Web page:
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Video Streaming with a Webcam: How to Choose the Right One for You

streaming webcamSo you want to start video streaming and think your built-in webcam will work just fine? Maybe, but maybe not. To help you figure it out, we’ve put together this short guide on what to look for in a HD webcam.

Almost every laptop comes with a webcam built in, but the quality of these webcams usually isn’t that great. Of course, there are exceptions so pull out the specs of your existing webcam and compare to our recommendations below.

You need HD

Why did we jump right in saying look for an HD webcam? Simple, that’s where video is headed. Depending on what you’re streaming, you might get by with a non-HD webcam but soon you’d find yourself outpaced by your viewer’s expectations of HD. Both mobile and broadband connections are improving at an amazing pace. This means your viewers are able, and will be able, to watch higher resolution videos. If you have a HD webcam you’ll be able to give them what they want. And you can get a great HD webcam for under £100. At that price point it makes sense to plan for the future instead of having to go buy a new webcam next year.

So what does HD mean exactly?

HD webcams are capable of capturing video in 720p or “true HD” in 1080p at 30 frames per second (FPS). It’s important to have both the number of pixels (720 or 1080) and the FPS. A webcam shooting less than 30 FPS won’t look good no matter how many pixels it has because the image will be choppy.

Sometimes webcams are also described in terms of “megapixels” or MP. This is because webcams are actually digital cameras (also digital video recorders) and can be described using the same terminology. A 720p webcam could also be called a 1 MP webcam (it’s actually .9 MP but by convention everyone rounds the number up). A 1080p would be described as 2 MP (or 1.8 MP).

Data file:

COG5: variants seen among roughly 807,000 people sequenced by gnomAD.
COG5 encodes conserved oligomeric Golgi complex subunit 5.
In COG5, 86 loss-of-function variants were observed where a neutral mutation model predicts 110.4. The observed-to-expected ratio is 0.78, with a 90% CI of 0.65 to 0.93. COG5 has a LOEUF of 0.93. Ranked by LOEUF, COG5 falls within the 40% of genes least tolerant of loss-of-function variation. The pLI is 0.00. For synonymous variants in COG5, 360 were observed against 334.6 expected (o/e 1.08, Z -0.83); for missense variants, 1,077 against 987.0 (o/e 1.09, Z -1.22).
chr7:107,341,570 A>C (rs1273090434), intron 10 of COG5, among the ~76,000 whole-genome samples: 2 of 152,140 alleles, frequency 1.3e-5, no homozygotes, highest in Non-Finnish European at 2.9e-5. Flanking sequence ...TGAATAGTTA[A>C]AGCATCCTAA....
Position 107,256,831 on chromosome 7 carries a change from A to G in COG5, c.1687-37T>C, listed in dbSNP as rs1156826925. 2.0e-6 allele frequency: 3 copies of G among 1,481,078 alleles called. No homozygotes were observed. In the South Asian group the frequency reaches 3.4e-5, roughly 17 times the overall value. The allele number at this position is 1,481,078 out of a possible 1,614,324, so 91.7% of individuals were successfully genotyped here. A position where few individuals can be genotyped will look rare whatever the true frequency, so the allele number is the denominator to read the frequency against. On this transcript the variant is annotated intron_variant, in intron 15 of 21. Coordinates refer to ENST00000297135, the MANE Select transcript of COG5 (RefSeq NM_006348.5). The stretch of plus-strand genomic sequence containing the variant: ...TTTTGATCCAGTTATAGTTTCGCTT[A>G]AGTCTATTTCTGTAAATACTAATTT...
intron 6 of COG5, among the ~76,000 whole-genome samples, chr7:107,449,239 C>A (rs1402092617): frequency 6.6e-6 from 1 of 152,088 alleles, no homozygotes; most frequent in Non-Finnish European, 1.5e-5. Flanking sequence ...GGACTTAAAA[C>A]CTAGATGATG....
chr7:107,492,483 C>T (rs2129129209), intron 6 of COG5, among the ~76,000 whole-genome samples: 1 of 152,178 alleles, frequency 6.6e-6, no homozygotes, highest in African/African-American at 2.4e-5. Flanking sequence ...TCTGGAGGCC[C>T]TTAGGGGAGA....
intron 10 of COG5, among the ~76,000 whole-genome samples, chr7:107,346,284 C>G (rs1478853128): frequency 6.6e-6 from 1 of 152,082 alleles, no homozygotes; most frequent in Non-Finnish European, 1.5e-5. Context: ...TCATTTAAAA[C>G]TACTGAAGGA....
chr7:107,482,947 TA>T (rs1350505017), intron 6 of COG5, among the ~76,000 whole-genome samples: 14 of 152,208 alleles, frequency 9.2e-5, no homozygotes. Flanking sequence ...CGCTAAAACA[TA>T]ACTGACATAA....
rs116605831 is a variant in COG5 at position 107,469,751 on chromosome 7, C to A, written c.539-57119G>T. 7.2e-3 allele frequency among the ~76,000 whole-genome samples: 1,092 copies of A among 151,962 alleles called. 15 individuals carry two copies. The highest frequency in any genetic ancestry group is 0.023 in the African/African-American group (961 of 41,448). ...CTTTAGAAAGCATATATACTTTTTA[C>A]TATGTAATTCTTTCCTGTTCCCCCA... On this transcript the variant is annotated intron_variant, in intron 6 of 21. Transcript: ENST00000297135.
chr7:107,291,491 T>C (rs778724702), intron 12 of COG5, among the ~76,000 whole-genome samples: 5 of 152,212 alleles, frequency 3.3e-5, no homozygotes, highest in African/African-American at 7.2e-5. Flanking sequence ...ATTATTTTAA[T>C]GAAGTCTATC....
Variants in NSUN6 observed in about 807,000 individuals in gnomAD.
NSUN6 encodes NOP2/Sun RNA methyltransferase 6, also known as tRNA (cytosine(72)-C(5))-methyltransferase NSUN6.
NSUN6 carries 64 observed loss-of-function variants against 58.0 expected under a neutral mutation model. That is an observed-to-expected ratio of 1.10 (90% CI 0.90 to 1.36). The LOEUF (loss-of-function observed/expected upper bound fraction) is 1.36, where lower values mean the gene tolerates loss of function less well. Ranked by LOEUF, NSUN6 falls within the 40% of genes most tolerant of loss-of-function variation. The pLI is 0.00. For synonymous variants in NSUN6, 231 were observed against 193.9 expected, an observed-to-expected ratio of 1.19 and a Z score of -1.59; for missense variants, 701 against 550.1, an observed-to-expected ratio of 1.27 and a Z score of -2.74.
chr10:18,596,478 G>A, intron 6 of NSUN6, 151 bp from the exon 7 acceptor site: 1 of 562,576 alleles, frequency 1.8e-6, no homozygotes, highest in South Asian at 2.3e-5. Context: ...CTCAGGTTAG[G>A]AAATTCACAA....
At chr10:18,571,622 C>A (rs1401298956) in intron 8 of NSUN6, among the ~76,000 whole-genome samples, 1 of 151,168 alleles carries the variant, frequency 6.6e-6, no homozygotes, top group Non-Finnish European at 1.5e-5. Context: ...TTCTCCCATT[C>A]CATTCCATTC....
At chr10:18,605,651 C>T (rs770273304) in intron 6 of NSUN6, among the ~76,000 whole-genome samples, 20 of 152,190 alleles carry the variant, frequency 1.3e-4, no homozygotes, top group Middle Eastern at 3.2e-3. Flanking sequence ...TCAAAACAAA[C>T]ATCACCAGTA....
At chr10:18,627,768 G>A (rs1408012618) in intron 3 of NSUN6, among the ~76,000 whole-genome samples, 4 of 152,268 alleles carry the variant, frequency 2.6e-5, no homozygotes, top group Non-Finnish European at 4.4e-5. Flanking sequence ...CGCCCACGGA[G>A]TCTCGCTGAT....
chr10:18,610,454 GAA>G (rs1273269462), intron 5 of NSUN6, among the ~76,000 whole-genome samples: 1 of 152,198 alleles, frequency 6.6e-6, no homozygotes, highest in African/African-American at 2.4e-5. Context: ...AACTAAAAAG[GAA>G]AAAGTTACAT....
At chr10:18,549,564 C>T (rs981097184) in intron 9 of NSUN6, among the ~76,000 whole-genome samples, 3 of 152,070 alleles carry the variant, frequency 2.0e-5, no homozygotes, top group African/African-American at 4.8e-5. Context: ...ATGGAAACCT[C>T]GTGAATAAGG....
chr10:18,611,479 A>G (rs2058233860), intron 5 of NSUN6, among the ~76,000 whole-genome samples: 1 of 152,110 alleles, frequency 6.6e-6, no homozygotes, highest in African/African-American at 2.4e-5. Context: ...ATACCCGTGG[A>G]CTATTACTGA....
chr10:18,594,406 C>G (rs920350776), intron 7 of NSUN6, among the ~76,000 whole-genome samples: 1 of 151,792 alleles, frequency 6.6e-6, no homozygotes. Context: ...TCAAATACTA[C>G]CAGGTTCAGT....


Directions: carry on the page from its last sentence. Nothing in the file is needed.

However your webcam specs are written, be sure it meets these specifications as a minimum.

What else you need to know

Beyond just the HD specs, here are a few other things to consider.

Encoding your captured HD video can take up a lot of computer resources. If you’re computer isn’t able to keep up, most webcam software will drop the frame rate down to accommodate. This results in a choppy video as we described above. To help with this, some webcams come with a built in H.264 encoder which takes some of the load off of your computer. Read the descriptions carefully to find out if yours includes this as an option.

After your video is captured, it needs to be sent to the streaming service over the Internet. Your Internet connection needs to support between 3-6 Mbps upload speed for a 720p stream. A 1080p stream would be over 6 Mbps (note that viewers on smaller screens won’t be able to tell the difference between 720p and 1080p so you may not need to use 1080p).

Similarly, your viewer has to have a sufficient amount of bandwidth to view your HD stream. If they don’t, their viewing experience will suffer from prolonged buffering and frequent stops, or perhaps they can’t play the video at all. There are ways to handle this though so each viewer gets a version suitable to their situation.

Interested in streaming with a webcam, but aren’t quite sure where to start? Our streaming experts are here to answer your questions and help you get started out right. Fill out our enquiry form below or click here to contact us.

Already streaming? If you have webcam recommendations please share them with us in the comments.

Oliver Burt

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